Yesterday we witnessed the power of the RE.net to condemn one agent personally attacking another. The agent being attacked had had a little fun zinging Redfin's business model -- an agent for Redfin was obviously offended and personally attacked the aforementioned agent.
Having fun at the expense of a company is seen as fair play, but personal attacks are out of bounds, especially when the one perpetrating the personal attack is a representative of a company giving the appearance the company is attacking an individual ad hominem. Keeping the attacks and satire on the level of ideas and models will most likely be accepted, while personal attacks will not be accepted.
The problem I see is that the Redfin agent poorly represented her company. She chose to take her anger public using a blog that is sponsored by the company, Redfin, and reflects on Redfin. This was not a good move.
If she had used her own blog to satirize Kris Berg (the agent who satirized Redfin), then it wouldn't desrve much condemnation, if any. From a company standpoint there is also policy to consider and Redfin might have had a problem with her doing it even from her own blog since she is (was) an employee.
Some may feel the Redfin agent deserves another chance, that she probably just got angry and fired off, but most seem to prefer condemnation and alienation, and Redfin's decision to fire her was their decision and their right. Quick action was called for by Redfin and they acted quickly to control the public relations damage and take a stance on principle. It's a legitimate reason to fire someone.
A big problem is that the RE.net knows and loves Kris.
The Redfin agent, Carol Hian, was understandably angry at Kris's satirical joust at Redfin's efforts which are being implemented by individuals such as Carol, but Carol's response was clumsy, too sharply personal and disparaging of the wrong target (food drive) and too damaging to Redfin's image. Carol should've considered the ramifications, but we all know how anger makes us react.
The internet has created high visibility and communities like RE.net have the power to quickly condemn and alienate anyone who offends their sense of justice or propriety. Herein lies a danger. this power should be used wisely and sparingly. Individuals within the RE.net should think long and hard before jumping in to increase the power, and objectivity should always be used to judge any given hot situation. I'm not saying anything inappropriate happened yesterday, but it's a powerful lesson in using good judgement, less the power of a group becomes a weapon to alienate anyone it dislikes in order to protect the ones it likes regardless of the merits of the situation.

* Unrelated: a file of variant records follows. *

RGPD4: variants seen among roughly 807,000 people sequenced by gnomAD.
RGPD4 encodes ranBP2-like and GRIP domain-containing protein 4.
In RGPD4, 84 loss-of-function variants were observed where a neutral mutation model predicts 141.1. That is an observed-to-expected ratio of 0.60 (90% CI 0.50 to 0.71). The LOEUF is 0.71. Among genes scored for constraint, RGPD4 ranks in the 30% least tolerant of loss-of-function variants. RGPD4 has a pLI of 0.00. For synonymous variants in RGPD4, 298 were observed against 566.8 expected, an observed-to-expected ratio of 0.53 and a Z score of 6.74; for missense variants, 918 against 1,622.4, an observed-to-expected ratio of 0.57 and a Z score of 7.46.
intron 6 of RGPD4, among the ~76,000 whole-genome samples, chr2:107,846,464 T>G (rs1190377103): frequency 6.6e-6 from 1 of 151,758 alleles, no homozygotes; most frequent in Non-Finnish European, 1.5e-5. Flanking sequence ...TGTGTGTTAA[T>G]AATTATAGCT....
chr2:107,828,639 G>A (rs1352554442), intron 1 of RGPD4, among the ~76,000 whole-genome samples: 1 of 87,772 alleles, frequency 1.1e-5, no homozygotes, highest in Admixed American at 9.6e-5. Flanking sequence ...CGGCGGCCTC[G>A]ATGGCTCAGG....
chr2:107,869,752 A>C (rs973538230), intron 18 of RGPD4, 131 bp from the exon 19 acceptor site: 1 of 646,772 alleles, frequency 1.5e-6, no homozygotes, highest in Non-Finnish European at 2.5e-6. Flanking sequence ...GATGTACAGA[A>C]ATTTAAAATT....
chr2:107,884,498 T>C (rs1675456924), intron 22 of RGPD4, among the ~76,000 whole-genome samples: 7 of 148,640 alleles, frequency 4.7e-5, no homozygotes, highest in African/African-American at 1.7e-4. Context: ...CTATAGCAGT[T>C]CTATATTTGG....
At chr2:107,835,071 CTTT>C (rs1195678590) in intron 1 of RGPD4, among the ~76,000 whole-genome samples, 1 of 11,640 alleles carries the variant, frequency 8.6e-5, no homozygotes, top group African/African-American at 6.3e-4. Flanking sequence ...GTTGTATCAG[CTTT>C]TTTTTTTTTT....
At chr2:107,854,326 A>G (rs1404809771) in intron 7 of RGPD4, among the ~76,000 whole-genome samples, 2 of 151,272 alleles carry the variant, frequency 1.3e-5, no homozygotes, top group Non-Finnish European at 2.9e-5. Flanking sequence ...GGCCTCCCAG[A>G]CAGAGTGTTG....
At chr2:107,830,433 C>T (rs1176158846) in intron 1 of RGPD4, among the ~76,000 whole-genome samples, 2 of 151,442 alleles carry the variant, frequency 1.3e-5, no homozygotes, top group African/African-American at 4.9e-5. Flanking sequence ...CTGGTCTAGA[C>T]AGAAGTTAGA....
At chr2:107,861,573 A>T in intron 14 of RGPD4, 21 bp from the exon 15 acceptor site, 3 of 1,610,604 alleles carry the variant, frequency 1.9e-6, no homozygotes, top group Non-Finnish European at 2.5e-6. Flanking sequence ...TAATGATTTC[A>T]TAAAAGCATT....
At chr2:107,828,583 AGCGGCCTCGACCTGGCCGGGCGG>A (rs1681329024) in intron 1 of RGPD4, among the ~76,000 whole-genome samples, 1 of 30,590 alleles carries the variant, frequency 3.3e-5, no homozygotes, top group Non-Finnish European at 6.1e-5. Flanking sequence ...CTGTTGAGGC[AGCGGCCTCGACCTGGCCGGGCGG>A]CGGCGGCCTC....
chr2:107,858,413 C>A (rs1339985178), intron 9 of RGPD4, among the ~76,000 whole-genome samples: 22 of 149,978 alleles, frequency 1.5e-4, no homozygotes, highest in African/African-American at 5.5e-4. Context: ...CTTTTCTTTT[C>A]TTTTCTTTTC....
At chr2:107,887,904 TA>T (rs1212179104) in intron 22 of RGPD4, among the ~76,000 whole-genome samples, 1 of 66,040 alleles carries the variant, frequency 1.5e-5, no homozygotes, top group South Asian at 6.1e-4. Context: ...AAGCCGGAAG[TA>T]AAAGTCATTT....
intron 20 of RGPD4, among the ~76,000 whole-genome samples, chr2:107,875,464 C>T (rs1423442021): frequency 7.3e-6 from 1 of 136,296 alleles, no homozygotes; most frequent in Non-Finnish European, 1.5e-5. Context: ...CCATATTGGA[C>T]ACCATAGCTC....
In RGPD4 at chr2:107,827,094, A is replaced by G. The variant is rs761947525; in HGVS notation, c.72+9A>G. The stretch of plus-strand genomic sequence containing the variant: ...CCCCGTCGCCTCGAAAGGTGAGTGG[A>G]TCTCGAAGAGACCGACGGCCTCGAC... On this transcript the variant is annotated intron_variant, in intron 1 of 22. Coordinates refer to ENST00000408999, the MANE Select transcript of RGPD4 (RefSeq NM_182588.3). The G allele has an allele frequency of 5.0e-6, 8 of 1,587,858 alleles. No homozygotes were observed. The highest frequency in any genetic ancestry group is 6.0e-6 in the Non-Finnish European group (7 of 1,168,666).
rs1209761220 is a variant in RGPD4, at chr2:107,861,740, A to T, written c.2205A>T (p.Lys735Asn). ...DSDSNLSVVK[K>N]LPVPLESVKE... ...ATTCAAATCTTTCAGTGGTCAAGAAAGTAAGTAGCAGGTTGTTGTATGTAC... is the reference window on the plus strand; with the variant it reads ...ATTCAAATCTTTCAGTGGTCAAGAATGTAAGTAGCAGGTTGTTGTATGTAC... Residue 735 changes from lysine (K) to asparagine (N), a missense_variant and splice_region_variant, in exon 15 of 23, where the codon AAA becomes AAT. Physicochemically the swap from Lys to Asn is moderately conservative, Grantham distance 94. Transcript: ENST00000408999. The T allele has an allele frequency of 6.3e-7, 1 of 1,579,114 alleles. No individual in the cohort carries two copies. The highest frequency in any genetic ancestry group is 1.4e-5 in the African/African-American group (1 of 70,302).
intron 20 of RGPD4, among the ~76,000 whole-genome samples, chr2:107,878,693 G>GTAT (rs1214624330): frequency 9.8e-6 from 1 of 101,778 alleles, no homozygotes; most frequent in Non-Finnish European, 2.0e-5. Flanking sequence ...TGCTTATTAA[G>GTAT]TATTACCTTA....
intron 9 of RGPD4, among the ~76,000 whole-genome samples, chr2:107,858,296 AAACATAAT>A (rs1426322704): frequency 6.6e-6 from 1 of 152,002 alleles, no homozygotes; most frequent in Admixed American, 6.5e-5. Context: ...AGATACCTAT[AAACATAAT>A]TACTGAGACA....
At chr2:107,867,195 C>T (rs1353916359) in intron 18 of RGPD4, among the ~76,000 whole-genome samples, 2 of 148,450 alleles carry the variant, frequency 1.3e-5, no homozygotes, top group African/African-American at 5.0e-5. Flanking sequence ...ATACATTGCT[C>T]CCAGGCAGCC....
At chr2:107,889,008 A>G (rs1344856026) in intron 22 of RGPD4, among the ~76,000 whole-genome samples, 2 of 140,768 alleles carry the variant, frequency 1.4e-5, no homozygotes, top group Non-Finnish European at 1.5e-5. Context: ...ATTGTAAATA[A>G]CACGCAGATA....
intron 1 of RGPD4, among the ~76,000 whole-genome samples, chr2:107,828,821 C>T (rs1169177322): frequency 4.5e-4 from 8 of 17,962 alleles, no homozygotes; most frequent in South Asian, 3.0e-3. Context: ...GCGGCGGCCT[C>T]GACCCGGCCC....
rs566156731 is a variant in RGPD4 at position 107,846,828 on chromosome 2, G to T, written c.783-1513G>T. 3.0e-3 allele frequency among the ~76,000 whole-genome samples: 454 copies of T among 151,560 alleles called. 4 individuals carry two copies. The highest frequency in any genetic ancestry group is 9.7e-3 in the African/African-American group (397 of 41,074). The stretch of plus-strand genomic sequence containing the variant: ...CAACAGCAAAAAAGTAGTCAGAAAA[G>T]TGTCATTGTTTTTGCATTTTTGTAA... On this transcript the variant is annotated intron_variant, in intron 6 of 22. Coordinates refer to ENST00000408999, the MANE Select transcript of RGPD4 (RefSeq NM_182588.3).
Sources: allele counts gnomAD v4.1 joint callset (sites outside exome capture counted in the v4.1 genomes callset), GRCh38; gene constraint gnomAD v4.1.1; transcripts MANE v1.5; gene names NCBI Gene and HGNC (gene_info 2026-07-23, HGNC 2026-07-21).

Questions that should be asked are:
Am I doing this because my friends are doing it?
Am I doing this to use the power of a group to unfairly squelch an enemy?
Am I doing this to be seen on the "right" side?
Is this reaction really justified?
Am I being objective?
Am I being influenced by a mob that's out of control?
Have I tried to fully understand the situation?
What if it was me who made the mistake?
Is this spurred by self-righteousness and the need to be seen as righteous?
Is this politically motivated to silence a voice I disagree with?
I am all for using the transparency of the net to call out bad players and expose them, but going forward I see how this power can be misused if caution is not taken to think through the initial reactions. The power is so quickly yielded it's open to abuse, a blood sport of sorts where each tries to be the first to ignite the outrage and gather support.
As I said, I'm not accusing anyone of acting rashly or unwisely, I just feel the need to sound a warning. Power can corrupt; total power can corrupt totally, as they say.
I don't know Carol, but if she recognizes her mistake in judgment and is truly an otherwise good person with no ingrained ill intent, I hope this hasn't ruined her.